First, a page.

Scotland looks set to be the first part of the UK where all new homes will have to meet the Passivhaus standard, after the Scottish government agreed to adopt the ultra-low emissions benchmark.
Alex Rowley, a Labour member of the Scottish parliament, submitted a private member’s bill during the summer to mandate the Passivhaus standard, or a Scottish equivalent, for all new-build housing in Scotland. The Domestic Building Environmental Standards (Scotland) Bill was in response to a recommendation by the Scottish Climate Assembly.
In a letter to Rowley on 15 December, Scottish zero carbon buildings minister Patrick Harvie confirmed that the government would implement the standards within two years through secondary legislation. Work on developing the new standard will start early this year, with a view to laying the new regulations before parliament in mid-December 2024.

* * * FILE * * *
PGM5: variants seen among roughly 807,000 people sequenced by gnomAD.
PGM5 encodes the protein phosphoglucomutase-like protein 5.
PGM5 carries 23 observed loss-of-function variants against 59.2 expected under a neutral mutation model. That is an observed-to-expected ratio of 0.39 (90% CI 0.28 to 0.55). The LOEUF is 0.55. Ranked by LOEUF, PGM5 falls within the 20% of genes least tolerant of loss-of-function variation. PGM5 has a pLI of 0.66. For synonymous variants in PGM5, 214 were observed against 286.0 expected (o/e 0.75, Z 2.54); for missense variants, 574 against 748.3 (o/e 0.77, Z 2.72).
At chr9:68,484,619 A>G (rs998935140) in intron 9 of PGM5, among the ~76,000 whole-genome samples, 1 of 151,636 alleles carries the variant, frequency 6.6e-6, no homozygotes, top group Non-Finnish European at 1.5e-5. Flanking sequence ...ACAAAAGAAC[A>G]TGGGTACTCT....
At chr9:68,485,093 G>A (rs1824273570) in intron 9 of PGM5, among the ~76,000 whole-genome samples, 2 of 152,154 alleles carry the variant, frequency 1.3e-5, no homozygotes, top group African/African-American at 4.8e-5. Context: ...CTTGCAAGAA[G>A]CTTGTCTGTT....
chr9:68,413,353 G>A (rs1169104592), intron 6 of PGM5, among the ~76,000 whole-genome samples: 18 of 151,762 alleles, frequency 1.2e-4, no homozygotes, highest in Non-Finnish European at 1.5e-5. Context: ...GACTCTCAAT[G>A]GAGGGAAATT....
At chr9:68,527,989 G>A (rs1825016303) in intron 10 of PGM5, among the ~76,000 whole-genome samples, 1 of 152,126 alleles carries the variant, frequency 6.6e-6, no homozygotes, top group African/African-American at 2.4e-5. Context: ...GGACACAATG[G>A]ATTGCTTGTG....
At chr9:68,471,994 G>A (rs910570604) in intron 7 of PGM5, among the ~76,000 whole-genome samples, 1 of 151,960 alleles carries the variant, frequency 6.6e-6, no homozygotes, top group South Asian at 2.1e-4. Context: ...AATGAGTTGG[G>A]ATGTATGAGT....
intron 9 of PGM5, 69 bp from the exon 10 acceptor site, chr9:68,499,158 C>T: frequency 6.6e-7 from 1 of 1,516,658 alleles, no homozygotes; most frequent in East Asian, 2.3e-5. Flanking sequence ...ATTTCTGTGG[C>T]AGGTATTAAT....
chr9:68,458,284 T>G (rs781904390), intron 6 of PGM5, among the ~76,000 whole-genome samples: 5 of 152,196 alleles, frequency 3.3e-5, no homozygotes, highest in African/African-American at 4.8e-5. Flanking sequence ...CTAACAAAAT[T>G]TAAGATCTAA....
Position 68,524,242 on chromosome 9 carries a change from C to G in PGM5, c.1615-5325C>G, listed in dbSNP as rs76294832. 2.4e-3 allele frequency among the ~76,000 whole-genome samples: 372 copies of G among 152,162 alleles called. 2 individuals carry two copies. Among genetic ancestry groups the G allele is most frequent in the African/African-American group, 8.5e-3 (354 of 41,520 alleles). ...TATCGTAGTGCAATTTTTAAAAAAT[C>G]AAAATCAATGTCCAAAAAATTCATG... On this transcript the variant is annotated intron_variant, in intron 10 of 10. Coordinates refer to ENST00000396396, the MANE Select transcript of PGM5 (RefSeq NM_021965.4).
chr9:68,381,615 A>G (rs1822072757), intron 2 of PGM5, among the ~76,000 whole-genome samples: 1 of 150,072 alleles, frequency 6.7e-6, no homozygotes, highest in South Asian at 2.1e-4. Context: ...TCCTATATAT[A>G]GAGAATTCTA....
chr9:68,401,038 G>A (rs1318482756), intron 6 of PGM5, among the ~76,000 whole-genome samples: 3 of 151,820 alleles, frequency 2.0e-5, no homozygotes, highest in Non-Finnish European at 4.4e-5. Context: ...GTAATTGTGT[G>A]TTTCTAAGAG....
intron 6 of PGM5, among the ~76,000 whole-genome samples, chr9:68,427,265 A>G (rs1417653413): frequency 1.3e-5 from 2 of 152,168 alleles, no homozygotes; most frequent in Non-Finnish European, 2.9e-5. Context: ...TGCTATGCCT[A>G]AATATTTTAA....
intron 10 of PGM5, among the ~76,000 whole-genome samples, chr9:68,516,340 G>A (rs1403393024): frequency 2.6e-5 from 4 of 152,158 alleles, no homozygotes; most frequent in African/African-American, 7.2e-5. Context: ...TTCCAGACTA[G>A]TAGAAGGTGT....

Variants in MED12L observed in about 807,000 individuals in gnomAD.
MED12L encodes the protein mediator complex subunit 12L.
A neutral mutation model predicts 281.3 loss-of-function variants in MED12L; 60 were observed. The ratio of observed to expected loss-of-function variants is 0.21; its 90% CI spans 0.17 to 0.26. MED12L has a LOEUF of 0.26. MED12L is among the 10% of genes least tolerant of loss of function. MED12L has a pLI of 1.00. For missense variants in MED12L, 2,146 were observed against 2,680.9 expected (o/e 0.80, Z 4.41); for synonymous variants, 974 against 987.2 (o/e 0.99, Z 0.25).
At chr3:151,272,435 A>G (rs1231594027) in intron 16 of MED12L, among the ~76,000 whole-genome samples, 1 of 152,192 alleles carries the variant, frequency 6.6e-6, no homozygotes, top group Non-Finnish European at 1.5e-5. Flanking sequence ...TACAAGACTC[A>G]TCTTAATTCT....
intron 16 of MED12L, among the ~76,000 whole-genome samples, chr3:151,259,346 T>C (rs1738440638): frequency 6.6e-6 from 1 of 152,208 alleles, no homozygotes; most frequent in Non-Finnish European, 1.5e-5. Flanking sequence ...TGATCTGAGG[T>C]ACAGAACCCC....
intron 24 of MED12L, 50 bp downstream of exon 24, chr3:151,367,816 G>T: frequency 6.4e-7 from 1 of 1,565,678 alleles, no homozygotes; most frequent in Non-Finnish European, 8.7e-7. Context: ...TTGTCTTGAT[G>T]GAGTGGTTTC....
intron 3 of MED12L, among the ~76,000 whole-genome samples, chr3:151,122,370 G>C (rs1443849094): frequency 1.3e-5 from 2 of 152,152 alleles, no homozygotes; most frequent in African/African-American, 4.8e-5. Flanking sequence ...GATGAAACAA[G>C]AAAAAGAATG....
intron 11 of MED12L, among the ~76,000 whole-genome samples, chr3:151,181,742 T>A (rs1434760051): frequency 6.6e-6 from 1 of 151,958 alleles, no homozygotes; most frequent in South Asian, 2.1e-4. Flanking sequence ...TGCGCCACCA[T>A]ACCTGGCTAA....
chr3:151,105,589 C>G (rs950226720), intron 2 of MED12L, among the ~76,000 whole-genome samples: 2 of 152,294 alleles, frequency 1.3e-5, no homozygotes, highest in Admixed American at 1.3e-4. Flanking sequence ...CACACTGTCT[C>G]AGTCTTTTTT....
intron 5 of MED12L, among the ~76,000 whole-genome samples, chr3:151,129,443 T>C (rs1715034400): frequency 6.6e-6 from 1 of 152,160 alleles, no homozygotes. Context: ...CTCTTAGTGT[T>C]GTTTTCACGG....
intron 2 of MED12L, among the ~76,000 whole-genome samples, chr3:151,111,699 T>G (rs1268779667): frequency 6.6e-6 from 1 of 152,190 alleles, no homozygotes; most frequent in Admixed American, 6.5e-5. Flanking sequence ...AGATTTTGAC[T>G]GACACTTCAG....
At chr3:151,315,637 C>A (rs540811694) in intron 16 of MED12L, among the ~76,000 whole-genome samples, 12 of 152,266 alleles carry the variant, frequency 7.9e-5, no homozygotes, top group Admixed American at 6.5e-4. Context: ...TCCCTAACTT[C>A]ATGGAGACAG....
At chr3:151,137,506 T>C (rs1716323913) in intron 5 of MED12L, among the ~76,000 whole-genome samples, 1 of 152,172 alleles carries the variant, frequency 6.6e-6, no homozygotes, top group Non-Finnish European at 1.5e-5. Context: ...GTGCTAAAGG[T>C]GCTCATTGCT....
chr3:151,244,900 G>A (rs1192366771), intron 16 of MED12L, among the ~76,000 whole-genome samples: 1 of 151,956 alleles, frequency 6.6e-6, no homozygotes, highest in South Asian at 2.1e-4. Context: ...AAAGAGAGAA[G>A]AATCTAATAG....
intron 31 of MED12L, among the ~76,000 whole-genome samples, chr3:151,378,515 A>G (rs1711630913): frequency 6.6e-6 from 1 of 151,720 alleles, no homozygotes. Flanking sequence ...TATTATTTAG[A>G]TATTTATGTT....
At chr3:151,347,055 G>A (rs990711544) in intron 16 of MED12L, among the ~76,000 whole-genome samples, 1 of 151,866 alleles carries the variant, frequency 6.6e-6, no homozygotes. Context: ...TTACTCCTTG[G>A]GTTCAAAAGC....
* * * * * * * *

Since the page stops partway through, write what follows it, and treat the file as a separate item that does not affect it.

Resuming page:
Responding to Harvie’s letter, Passivhaus Trust CEO Jon Bootland praised the ‘truly forward-thinking approach’ taken by the Scottish government. ‘They are to be applauded for taking this crucial step towards meeting their net zero/climate emergency goals,’ he said. ‘Now we must ensure that the bill is well developed and implemented to deliver the greatest impact on the actual performance of new homes in Scotland.’
Rowley said: ‘We have the knowledge and technology to build houses fit for the future, with occupant comfort as a priority, at a fraction of the heating costs of a standard-build house now – it simply seems obvious to me that we should be doing this. This will help future-proof housing stock, save people money and tackle our climate emergency.’